Ethiopian band to perform at Howland
A decade after its founding, Qwanqwa, a band that improvises on traditional African instruments, is finally bringing its music from Ethiopia to the U.S.
After a two-year-delay because of the pandemic, the four Ethiopians and one American who comprise the group are in the middle of a 23-state, 48-date tour, which includes a performance at the Howland Cultural Center in Beacon at 8 p.m. on Nov. 5 that’s sponsored by Fridman Gallery.
Qwanqwa translates as “language” in Amharic, the official language of Ethiopia; its members chose the name because of their goal of “creating musical dialogues between cultures.”
Their instruments include masinko (a one-string fiddle), the lyre-like bass krar boom and kebero (a goat-skin drum).
According to Kaethe Hostetter, the lone American, who plays a five-string electric violin, “we’re using additional instruments and a specific style of vocals, which comes from the Asmari [Ethiopian string players] tradition.”
She notes that they are rudimentary instruments, made of goat and sheep skins, horse hair, olive wood, oak, combined with guitar strings and metal for the stands and body of the drums. “Then there are pick-ups made from things we’ve found, like a bicycle bell,” she says.
“The repertoire that we draw from are public domain melodies and chants from ceremonies,” she explains. “We pull them apart, extend them. We’ll start with the melody and it becomes a noisy solo, without any notes. We innovate using tech pedals. We are playful onstage. We latch onto benchmarks in our songs. We have arrangements, but no one reads music. We know the next song on the set list but it can start in many unplanned ways.”
Qwanqwa has released three albums. They’ve played festivals in Europe but also venues in Addis Ababa, Ethiopia’s capital, that ranged from a club in a vintage hotel to spaces with dirt floors lit by a single lightbulb.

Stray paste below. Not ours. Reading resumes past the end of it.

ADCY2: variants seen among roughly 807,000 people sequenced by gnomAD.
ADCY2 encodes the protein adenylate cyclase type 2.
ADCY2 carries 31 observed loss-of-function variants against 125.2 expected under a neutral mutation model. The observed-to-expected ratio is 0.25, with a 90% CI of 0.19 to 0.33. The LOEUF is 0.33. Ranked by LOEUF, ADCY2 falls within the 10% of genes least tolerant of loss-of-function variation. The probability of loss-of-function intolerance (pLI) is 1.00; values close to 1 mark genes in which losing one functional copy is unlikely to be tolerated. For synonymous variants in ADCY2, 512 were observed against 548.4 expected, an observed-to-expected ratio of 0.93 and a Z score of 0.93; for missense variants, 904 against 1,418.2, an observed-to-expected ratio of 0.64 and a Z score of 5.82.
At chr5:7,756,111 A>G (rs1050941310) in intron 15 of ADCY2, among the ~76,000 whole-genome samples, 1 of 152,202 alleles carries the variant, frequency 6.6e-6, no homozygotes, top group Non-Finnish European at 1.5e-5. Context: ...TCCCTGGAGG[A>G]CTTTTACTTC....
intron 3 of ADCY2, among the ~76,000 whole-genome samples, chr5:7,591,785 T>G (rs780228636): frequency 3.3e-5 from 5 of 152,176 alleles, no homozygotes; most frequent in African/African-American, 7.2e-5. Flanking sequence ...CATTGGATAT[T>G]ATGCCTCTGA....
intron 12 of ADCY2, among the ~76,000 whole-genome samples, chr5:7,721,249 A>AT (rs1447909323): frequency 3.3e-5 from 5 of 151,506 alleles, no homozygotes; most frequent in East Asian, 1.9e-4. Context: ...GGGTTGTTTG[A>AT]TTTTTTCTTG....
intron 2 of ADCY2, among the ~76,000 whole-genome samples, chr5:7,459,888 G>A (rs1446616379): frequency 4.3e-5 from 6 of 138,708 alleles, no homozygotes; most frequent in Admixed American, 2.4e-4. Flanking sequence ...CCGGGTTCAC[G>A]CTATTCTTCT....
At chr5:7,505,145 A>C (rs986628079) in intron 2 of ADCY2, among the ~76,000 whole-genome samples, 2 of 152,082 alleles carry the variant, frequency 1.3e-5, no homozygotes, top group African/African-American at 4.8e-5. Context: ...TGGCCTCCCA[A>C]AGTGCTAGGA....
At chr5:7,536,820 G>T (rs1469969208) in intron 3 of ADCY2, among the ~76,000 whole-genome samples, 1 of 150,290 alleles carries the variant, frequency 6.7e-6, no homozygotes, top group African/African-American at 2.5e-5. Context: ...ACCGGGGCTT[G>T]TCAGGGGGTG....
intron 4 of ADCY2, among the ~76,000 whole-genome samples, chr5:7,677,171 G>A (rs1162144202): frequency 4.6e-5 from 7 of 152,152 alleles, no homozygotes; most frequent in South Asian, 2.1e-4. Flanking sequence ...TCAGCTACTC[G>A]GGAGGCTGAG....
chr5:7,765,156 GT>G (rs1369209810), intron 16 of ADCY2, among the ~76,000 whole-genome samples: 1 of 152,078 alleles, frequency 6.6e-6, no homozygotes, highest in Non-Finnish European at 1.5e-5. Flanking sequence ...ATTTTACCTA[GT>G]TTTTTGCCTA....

Craig Wolf of the Howland Cultural Center says he is glad the concert is finally happening. “I contacted Qwanqwa in November 2019 to book them for the fall of 2020. Along with the pandemic, Ethiopia is a war-torn spot on the globe. We could hardly be more thrilled than to have this amazing opportunity to bring in a hot band from halfway around the world.”
Hostetter says she discovered Ethiopian music in Boston through a friend, Danny Mekonnen, whom she knew from the free jazz scene and “who was on a journey of discovering the music of his parents. We started a practice group to learn the music, then make food, then play more music. This turned into a band [Debo Band] and we started touring and went on from there.”
Hostetter moved to Ethiopia in 2009 to immerse herself in its musical traditions and lived there for 11 years. She returned because of the pandemic, which coincided with the outbreak of civil war. She’s only been back to Addis Ababa once, to “officially move out, after leaving so suddenly,” she says.
“I was there for a month, during a relatively stable period, but with the knowledge that ethnic clashes could arise at any time,” she says. “Two days before leaving, places where I’d been had turned into hot spots. It hit home when a friend said to me, ‘It’s good your flight is tonight.’”
Since then she’s heard from friends that “music-wise, Addis is in some ways untouched, and they’re playing their shows, but there’s an underlying feeling [of dread] all the time.”
That this debut U.S. tour is going well, with sellouts, is especially satisfying to Hostetter, she says, because it caps “a long period of anticipation, saying no to other things, getting the visa process underway, having so much momentum, and then it all came to a halt.”
Along with Hostetter, the band’s members are Endris Hassen (masinko), Bubu Teklemariam (bass krar), Selamnesh Zemene (vocals) and Misale Legesse (kebero).
The Howland Cultural Center is located at 477 Main St. Tickets to see Qwanqwa are $20 at onthestage.tickets or $25 at the door.
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